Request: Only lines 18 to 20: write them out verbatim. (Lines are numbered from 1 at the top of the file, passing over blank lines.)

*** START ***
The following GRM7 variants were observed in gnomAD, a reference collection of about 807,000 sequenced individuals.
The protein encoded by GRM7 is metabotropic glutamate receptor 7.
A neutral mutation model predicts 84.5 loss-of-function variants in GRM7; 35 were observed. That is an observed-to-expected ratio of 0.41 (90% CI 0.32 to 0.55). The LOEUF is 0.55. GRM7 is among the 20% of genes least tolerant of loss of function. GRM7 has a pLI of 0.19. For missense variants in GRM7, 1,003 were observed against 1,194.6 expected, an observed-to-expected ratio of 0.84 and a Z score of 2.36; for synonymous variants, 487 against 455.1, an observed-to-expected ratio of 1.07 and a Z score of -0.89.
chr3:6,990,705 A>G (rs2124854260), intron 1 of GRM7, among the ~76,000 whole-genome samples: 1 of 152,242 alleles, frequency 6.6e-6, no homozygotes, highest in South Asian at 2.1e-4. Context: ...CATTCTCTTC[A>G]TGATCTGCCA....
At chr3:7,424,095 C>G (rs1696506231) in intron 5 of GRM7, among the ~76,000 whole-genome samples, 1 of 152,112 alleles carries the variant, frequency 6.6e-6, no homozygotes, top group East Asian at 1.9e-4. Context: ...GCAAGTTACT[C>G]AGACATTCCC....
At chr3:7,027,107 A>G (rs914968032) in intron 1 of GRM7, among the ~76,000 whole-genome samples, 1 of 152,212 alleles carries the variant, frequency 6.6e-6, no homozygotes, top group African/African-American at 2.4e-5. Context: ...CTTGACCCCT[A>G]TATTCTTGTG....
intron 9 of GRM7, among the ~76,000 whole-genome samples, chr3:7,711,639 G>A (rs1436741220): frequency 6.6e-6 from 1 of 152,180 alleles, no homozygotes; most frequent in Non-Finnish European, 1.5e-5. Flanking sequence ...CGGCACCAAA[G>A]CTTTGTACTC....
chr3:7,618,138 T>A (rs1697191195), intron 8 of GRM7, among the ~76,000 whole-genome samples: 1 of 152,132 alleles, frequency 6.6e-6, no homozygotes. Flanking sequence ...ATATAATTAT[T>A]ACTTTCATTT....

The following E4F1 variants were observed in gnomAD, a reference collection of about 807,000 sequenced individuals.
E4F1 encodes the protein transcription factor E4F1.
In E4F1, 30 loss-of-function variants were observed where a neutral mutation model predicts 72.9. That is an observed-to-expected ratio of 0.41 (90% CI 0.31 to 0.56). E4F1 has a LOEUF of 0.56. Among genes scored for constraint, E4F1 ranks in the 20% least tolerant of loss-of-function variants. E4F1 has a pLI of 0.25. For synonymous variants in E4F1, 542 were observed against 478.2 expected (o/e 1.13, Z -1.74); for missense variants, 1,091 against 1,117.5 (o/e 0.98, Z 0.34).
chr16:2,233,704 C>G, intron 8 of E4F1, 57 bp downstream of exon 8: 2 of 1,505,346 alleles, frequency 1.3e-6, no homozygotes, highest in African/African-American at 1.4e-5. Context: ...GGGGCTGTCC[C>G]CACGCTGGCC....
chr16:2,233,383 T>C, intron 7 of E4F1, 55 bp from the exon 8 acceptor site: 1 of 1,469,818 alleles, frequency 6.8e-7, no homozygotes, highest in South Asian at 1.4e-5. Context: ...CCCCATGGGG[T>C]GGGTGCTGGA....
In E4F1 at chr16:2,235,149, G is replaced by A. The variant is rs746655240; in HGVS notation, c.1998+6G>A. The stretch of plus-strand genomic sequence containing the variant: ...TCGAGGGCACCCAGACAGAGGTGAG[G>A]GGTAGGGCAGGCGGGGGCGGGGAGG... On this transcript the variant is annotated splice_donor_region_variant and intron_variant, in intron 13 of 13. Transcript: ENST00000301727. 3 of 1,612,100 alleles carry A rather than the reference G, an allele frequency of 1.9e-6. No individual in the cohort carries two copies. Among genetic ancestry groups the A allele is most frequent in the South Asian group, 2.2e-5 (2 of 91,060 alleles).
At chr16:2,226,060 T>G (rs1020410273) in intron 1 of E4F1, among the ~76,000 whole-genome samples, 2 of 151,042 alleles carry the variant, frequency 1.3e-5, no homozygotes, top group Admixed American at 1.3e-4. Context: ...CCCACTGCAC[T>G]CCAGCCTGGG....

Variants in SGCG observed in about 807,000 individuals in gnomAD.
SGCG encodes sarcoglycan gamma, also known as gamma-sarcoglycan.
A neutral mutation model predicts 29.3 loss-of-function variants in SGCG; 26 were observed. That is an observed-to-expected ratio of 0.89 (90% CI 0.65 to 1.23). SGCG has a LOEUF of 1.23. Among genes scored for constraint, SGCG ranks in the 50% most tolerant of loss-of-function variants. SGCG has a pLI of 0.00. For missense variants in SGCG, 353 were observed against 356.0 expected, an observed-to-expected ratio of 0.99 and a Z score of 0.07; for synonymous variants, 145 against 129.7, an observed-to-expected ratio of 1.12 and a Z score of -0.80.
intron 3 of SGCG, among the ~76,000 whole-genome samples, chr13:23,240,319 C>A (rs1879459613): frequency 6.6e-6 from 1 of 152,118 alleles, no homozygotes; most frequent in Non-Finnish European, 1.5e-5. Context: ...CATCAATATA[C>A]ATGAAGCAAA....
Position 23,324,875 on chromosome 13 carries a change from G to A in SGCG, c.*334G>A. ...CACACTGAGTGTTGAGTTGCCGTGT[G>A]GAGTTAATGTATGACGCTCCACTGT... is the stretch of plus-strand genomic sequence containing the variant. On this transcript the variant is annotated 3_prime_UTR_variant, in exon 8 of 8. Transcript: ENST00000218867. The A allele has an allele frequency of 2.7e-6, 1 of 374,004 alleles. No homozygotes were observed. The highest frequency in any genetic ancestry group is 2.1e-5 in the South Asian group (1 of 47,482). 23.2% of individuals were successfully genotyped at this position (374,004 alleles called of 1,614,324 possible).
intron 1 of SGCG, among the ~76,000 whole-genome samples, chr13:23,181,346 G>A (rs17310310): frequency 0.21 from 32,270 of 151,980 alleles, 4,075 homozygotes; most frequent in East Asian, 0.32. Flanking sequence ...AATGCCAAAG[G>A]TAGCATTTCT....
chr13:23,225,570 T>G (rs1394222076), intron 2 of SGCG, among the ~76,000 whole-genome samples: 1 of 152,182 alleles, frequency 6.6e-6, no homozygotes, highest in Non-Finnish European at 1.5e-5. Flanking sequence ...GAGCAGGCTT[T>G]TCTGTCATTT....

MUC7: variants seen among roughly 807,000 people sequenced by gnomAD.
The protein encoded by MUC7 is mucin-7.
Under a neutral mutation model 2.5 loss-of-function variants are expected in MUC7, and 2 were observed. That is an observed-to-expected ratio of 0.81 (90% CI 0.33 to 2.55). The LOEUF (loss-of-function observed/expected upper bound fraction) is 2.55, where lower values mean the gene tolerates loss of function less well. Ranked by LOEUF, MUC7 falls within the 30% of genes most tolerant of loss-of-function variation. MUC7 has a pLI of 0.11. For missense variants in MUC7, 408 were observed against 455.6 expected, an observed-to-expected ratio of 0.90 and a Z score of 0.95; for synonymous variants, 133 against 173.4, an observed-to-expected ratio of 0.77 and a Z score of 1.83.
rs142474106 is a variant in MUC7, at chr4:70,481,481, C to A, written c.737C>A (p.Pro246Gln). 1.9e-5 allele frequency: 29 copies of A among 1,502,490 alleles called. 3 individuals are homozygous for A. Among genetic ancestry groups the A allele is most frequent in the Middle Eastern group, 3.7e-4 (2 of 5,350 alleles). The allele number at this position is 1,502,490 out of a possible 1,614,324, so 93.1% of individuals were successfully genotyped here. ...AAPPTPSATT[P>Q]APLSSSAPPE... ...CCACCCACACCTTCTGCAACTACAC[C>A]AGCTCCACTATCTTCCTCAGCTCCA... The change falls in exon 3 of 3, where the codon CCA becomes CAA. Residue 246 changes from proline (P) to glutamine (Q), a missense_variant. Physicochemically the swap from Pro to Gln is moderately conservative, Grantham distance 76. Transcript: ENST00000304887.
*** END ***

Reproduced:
A neutral mutation model predicts 29.3 loss-of-function variants in SGCG; 26 were observed. That is an observed-to-expected ratio of 0.89 (90% CI 0.65 to 1.23). SGCG has a LOEUF of 1.23. Among genes scored for constraint, SGCG ranks in the 50% most tolerant of loss-of-function variants. SGCG has a pLI of 0.00. For missense variants in SGCG, 353 were observed against 356.0 expected, an observed-to-expected ratio of 0.99 and a Z score of 0.07; for synonymous variants, 145 against 129.7, an observed-to-expected ratio of 1.12 and a Z score of -0.80.
intron 3 of SGCG, among the ~76,000 whole-genome samples, chr13:23,240,319 C>A (rs1879459613): frequency 6.6e-6 from 1 of 152,118 alleles, no homozygotes; most frequent in Non-Finnish European, 1.5e-5. Context: ...CATCAATATA[C>A]ATGAAGCAAA....
Position 23,324,875 on chromosome 13 carries a change from G to A in SGCG, c.*334G>A. ...CACACTGAGTGTTGAGTTGCCGTGT[G>A]GAGTTAATGTATGACGCTCCACTGT... is the stretch of plus-strand genomic sequence containing the variant. On this transcript the variant is annotated 3_prime_UTR_variant, in exon 8 of 8. Transcript: ENST00000218867. The A allele has an allele frequency of 2.7e-6, 1 of 374,004 alleles. No homozygotes were observed. The highest frequency in any genetic ancestry group is 2.1e-5 in the South Asian group (1 of 47,482). 23.2% of individuals were successfully genotyped at this position (374,004 alleles called of 1,614,324 possible).